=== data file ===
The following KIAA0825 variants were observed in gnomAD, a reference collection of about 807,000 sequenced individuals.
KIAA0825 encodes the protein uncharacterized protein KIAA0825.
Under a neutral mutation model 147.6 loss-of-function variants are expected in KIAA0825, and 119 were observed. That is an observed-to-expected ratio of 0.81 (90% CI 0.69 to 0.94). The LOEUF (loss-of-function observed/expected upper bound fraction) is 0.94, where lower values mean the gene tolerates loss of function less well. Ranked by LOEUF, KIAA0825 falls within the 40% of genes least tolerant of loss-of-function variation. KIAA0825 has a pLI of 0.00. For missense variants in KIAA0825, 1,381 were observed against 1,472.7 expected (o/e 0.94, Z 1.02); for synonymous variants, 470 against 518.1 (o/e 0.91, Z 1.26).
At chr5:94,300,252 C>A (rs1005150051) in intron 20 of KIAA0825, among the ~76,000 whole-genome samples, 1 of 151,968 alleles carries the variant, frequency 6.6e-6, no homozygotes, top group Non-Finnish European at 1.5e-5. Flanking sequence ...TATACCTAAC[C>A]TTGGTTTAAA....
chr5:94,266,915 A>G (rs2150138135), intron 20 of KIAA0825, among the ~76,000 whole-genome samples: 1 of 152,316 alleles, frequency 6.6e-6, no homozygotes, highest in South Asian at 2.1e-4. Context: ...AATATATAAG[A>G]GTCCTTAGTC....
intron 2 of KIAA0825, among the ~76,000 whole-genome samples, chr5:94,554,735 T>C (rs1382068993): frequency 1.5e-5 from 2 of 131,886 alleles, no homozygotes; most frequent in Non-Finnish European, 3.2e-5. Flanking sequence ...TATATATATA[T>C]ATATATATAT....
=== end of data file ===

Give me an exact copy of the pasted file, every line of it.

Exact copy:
The following KIAA0825 variants were observed in gnomAD, a reference collection of about 807,000 sequenced individuals.
KIAA0825 encodes the protein uncharacterized protein KIAA0825.
Under a neutral mutation model 147.6 loss-of-function variants are expected in KIAA0825, and 119 were observed. That is an observed-to-expected ratio of 0.81 (90% CI 0.69 to 0.94). The LOEUF (loss-of-function observed/expected upper bound fraction) is 0.94, where lower values mean the gene tolerates loss of function less well. Ranked by LOEUF, KIAA0825 falls within the 40% of genes least tolerant of loss-of-function variation. KIAA0825 has a pLI of 0.00. For missense variants in KIAA0825, 1,381 were observed against 1,472.7 expected (o/e 0.94, Z 1.02); for synonymous variants, 470 against 518.1 (o/e 0.91, Z 1.26).
At chr5:94,300,252 C>A (rs1005150051) in intron 20 of KIAA0825, among the ~76,000 whole-genome samples, 1 of 151,968 alleles carries the variant, frequency 6.6e-6, no homozygotes, top group Non-Finnish European at 1.5e-5. Flanking sequence ...TATACCTAAC[C>A]TTGGTTTAAA....
chr5:94,266,915 A>G (rs2150138135), intron 20 of KIAA0825, among the ~76,000 whole-genome samples: 1 of 152,316 alleles, frequency 6.6e-6, no homozygotes, highest in South Asian at 2.1e-4. Context: ...AATATATAAG[A>G]GTCCTTAGTC....
intron 2 of KIAA0825, among the ~76,000 whole-genome samples, chr5:94,554,735 T>C (rs1382068993): frequency 1.5e-5 from 2 of 131,886 alleles, no homozygotes; most frequent in Non-Finnish European, 3.2e-5. Flanking sequence ...TATATATATA[T>C]ATATATATAT....